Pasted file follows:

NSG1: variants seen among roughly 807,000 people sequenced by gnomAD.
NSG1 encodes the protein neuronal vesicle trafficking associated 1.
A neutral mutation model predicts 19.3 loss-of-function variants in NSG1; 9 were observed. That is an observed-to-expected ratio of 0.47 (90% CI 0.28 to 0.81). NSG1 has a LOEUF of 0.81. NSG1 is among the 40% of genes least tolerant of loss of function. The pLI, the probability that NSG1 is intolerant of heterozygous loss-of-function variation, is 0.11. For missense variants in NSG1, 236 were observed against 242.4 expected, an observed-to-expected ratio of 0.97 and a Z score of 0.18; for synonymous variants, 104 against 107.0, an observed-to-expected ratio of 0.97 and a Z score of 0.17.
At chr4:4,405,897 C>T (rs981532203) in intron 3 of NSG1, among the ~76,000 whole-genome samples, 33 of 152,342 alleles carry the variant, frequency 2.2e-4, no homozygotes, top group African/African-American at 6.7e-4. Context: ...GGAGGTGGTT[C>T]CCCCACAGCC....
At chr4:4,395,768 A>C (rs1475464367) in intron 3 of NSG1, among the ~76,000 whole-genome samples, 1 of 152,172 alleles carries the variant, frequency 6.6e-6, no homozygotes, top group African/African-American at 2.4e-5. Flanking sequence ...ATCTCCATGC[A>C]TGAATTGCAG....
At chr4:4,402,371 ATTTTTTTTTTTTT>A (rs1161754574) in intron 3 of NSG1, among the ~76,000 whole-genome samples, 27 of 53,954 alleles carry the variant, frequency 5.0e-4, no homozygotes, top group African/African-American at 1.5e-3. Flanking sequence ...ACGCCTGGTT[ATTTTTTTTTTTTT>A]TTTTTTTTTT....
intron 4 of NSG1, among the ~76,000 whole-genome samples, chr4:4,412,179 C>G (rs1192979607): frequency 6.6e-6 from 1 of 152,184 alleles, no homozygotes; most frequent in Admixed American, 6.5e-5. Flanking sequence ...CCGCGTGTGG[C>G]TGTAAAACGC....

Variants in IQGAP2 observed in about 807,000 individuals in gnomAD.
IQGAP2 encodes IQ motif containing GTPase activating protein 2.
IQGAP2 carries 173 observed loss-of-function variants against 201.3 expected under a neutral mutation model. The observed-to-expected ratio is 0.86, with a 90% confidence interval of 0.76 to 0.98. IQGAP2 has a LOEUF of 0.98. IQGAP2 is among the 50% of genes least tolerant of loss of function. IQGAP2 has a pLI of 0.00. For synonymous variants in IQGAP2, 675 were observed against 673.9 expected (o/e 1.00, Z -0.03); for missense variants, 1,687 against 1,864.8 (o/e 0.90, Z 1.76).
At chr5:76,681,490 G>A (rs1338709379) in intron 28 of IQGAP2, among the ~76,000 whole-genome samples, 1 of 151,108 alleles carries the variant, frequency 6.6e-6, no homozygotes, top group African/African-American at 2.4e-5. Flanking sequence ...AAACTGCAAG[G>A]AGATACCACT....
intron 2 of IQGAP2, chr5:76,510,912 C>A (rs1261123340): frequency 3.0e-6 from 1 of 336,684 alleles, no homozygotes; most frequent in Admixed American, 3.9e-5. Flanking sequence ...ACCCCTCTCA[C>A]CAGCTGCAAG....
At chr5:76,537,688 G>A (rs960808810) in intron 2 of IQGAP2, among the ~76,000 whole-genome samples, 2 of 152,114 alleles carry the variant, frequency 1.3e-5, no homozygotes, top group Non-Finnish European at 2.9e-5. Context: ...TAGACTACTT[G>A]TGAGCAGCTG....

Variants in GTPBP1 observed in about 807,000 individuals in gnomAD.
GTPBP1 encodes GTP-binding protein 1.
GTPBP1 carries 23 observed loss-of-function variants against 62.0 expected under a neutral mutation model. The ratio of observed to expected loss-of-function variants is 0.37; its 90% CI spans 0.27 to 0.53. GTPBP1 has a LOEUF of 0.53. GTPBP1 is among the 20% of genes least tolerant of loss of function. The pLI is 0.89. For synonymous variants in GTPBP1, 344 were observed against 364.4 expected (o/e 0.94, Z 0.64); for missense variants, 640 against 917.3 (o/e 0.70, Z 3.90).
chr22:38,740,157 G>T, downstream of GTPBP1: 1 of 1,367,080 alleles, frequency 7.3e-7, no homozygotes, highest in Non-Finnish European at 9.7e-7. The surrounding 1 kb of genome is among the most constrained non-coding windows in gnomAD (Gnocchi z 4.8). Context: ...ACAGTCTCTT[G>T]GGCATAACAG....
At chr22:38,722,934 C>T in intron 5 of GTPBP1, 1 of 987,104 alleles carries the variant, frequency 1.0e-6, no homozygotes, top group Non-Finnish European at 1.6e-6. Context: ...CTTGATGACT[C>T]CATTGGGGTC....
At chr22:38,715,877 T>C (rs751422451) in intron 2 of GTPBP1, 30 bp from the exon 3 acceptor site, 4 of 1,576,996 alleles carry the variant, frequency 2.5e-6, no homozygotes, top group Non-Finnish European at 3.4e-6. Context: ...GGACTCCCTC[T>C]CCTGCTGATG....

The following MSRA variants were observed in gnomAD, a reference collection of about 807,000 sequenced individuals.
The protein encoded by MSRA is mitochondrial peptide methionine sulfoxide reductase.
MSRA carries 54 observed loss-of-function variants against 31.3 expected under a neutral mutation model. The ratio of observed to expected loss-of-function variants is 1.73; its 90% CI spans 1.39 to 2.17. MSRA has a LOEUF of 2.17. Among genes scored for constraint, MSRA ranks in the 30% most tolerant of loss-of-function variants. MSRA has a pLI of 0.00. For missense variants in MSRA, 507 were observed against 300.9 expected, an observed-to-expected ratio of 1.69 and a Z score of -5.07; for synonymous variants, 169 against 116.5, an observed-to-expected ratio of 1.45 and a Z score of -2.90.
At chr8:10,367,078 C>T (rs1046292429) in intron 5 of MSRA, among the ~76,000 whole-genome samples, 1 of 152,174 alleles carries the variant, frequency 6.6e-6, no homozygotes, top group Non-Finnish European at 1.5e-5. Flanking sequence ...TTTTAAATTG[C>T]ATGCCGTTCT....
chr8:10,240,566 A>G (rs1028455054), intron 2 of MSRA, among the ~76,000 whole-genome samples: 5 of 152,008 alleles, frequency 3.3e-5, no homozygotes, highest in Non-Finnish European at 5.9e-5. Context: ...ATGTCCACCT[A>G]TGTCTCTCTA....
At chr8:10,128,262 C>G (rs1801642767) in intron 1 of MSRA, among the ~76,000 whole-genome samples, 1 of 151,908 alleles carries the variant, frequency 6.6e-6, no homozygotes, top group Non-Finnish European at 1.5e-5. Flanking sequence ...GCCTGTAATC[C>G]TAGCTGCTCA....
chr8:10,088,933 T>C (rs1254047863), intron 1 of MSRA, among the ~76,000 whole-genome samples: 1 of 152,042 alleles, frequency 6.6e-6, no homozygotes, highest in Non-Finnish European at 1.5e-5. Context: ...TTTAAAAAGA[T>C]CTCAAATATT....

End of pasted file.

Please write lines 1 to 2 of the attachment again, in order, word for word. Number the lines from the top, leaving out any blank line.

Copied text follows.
NSG1: variants seen among roughly 807,000 people sequenced by gnomAD.
NSG1 encodes the protein neuronal vesicle trafficking associated 1.